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For example, on one of the Macs in our lab, the DropBox cache was left behind even though the application was uninstalled weeks ago. If you’ve installed and uninstalled many programs over time, these will have been left behind.

Font lists

Mac OS X stores lists of fonts inside the cache folder. If you’ve got problems with fonts not showing up or still showing up (after you’ve deleted them), it’s time to get rid of the font cache. But don’t worry; even if you clean up the cache regularly, it will be built from scratch (but without the old clutter!).

Browser Cache

Safari, ChromeTM, and Firefox® store their temporary cache files and cookies in the user’s cache folder. To prevent this cache from growing and to protect your privacy (all your online habits are all located in that folder), that cache should be flushed out every once in a while. Just to give you an idea, I visited 50 pages today and my cache has already grown to over 200 MB.

History Lists

The user cache also contains browsing or file history of many applications. Sneaky friends or co-workers with physical access to your Mac could browse your recently visited websites in seconds. It may be wise to flush this folder once in a while…

Application images

SkypeTM, Messenger, and other chat applications store avatar pics (of yourself and your contacts) inside the user cache folder.



These are just some selected examples of unnecessary cache files we found on our test machines. It’s wise to flush the cache every now and then (at least once a month) to either prevent problems or solve them effectively – even AppleTM itself recommends flushing the cache once in a while to troubleshoot your Mac. More on that below…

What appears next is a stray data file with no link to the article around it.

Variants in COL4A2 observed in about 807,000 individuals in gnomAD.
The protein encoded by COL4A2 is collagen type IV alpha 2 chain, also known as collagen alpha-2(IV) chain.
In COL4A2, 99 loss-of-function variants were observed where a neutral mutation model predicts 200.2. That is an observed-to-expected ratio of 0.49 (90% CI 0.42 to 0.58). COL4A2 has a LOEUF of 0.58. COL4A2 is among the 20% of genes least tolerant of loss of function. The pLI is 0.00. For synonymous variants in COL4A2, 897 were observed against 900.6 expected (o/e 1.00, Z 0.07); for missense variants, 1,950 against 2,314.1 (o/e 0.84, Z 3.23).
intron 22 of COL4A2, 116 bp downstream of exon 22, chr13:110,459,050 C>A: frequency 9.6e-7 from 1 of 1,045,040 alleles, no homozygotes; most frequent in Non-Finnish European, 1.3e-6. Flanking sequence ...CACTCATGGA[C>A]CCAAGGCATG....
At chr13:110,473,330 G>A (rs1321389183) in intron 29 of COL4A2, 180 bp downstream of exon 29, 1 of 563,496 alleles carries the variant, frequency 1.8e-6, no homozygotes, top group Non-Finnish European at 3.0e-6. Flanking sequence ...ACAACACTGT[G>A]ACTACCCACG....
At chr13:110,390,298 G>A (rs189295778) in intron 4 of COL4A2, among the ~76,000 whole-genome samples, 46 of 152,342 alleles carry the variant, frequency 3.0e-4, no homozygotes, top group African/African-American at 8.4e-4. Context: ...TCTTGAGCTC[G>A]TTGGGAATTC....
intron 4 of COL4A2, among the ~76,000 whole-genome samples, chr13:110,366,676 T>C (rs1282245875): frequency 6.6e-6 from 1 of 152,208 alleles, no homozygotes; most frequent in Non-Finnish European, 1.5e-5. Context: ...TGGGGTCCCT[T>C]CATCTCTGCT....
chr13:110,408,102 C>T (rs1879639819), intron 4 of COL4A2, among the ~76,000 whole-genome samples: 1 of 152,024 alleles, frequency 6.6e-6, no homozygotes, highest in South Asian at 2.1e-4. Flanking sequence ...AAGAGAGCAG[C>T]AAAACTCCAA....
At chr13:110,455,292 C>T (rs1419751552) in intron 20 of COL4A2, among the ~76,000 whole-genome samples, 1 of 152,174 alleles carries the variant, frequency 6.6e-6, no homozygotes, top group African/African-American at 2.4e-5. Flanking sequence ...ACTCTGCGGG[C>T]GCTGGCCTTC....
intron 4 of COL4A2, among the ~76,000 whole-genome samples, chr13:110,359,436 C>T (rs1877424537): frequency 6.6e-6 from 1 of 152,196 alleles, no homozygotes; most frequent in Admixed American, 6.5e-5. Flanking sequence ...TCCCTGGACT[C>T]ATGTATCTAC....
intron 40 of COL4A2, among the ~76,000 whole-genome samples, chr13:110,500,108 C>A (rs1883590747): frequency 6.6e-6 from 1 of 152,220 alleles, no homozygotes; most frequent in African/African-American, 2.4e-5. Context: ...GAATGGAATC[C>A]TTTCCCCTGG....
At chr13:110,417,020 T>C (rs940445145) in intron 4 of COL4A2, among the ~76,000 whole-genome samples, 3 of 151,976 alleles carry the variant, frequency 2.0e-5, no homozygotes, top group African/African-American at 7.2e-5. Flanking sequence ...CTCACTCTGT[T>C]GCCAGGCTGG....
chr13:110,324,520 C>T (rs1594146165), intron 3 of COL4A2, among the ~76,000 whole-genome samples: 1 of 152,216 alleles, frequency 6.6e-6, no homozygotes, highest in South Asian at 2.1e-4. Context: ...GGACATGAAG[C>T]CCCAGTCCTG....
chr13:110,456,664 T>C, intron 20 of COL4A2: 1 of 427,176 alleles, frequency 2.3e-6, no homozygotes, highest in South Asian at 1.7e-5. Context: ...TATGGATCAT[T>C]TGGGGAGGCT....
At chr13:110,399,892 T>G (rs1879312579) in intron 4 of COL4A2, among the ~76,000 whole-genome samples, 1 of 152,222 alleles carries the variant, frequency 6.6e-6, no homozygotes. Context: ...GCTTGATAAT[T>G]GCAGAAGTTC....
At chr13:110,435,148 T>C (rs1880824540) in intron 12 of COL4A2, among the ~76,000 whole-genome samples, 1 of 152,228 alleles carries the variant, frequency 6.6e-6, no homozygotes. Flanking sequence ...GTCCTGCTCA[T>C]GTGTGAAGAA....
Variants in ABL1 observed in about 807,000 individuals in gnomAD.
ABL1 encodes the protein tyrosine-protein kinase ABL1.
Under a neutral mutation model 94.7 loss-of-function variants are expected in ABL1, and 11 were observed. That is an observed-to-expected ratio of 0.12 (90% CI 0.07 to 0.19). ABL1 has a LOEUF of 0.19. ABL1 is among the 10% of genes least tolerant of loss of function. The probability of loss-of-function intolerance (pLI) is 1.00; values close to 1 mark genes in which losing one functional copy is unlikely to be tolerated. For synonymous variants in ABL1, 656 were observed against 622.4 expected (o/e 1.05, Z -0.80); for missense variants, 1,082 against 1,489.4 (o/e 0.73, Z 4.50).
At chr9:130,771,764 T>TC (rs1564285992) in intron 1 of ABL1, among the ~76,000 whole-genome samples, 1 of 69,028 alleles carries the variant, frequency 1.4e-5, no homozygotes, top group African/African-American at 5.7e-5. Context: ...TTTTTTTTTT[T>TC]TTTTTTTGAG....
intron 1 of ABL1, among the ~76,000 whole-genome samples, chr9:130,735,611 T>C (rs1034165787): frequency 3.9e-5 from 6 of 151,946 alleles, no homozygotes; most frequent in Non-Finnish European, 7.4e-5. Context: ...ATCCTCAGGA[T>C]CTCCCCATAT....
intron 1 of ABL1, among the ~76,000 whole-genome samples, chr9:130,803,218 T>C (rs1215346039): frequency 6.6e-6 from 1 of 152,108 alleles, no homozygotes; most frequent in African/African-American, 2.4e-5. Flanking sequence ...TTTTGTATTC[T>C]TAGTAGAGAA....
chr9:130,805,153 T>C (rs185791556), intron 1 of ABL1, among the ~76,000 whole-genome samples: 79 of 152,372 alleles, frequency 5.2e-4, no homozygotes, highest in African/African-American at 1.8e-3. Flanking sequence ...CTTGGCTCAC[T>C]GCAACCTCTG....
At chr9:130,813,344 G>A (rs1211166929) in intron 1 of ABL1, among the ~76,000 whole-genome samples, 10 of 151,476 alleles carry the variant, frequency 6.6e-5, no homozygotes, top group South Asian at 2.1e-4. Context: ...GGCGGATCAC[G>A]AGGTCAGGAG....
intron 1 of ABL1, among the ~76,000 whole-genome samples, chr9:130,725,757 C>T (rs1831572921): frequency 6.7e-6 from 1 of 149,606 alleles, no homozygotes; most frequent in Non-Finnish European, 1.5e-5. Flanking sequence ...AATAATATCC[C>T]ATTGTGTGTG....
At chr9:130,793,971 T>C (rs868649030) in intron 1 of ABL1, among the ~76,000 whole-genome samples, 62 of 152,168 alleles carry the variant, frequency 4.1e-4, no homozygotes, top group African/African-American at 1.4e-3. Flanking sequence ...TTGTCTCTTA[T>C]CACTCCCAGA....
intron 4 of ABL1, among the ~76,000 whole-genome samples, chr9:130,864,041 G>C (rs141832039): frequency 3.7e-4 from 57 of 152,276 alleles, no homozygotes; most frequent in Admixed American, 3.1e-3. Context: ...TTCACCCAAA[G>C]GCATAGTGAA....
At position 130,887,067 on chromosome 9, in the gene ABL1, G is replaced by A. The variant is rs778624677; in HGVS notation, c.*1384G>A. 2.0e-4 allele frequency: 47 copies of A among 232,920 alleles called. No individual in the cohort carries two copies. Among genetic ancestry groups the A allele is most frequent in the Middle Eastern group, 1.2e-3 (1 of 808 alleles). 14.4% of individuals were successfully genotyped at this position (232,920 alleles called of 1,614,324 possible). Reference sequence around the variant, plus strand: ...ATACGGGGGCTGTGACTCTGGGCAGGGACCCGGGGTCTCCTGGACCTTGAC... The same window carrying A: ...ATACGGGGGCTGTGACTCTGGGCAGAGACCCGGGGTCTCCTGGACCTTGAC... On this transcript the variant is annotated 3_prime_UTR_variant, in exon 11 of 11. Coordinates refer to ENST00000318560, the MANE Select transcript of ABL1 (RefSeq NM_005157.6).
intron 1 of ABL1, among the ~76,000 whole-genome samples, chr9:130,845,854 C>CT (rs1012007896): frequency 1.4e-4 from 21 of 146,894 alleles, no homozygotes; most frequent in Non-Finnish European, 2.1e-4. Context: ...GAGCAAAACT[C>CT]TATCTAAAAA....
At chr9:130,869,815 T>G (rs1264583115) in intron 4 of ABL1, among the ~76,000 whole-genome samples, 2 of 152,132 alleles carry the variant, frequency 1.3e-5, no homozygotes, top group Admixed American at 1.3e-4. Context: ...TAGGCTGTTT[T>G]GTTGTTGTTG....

These are just some selected examples of unnecessary cache files we found on our test machines. It’s wise to flush the cache every now and then (at least once a month) to either prevent problems or solve them effectively – even AppleTM itself recommends flushing the cache once in a while to troubleshoot your Mac. More on that below…

Data Trash on Your Mac II: Log files

Next to cache files, Mac OS and a lot of applications tend to create log files. These contain protocols of crashes, when you started an application, when the last update occurred and so on. Most of the log entries have one thing in common, no one except professional developers or trained admins are able to get anything out of it.

Log  files (Examples)

Update logs

Some applications create update logs that show when an app was updated and whether that update was successful.

Crash files

Applications tend to store crash data inside the hidden log folders. For example, if your iPhone® crashed, all the crash data gets transferred to iTunes® next time you sync. This data is only useful if the crash was serious and you’d like an Apple support person to have a look at it – otherwise it’s just a waste of space.

General logs

Opened up a file in an application? It may get logged. Changed a setting? That, too, may get logged – and never erased.

Unless your IT admin wants to analyze your log files, there’s barely any need to keep them. We’ll show you how to delete them safely…

Data Trash on Your Mac III: Download & Trash folder

As I mentioned above, the Download folder can accumulate Gigabytes of unnecessary files. Why? Because it’s your browsers default location for storing files. Even I, who cares a lot about disk space and cleaning up, forget to clean out the Download folder. To a lot of users, the Recycle Bin serves the same purpose….you delete files but just forget to go through it and delete unwanted stuff permanently.

Next week, log on to to see how AVG Cleaner for Mac helps you clean up all these unnecessary files in seconds. In the meantime, why not download it and give it a try today, it’s free!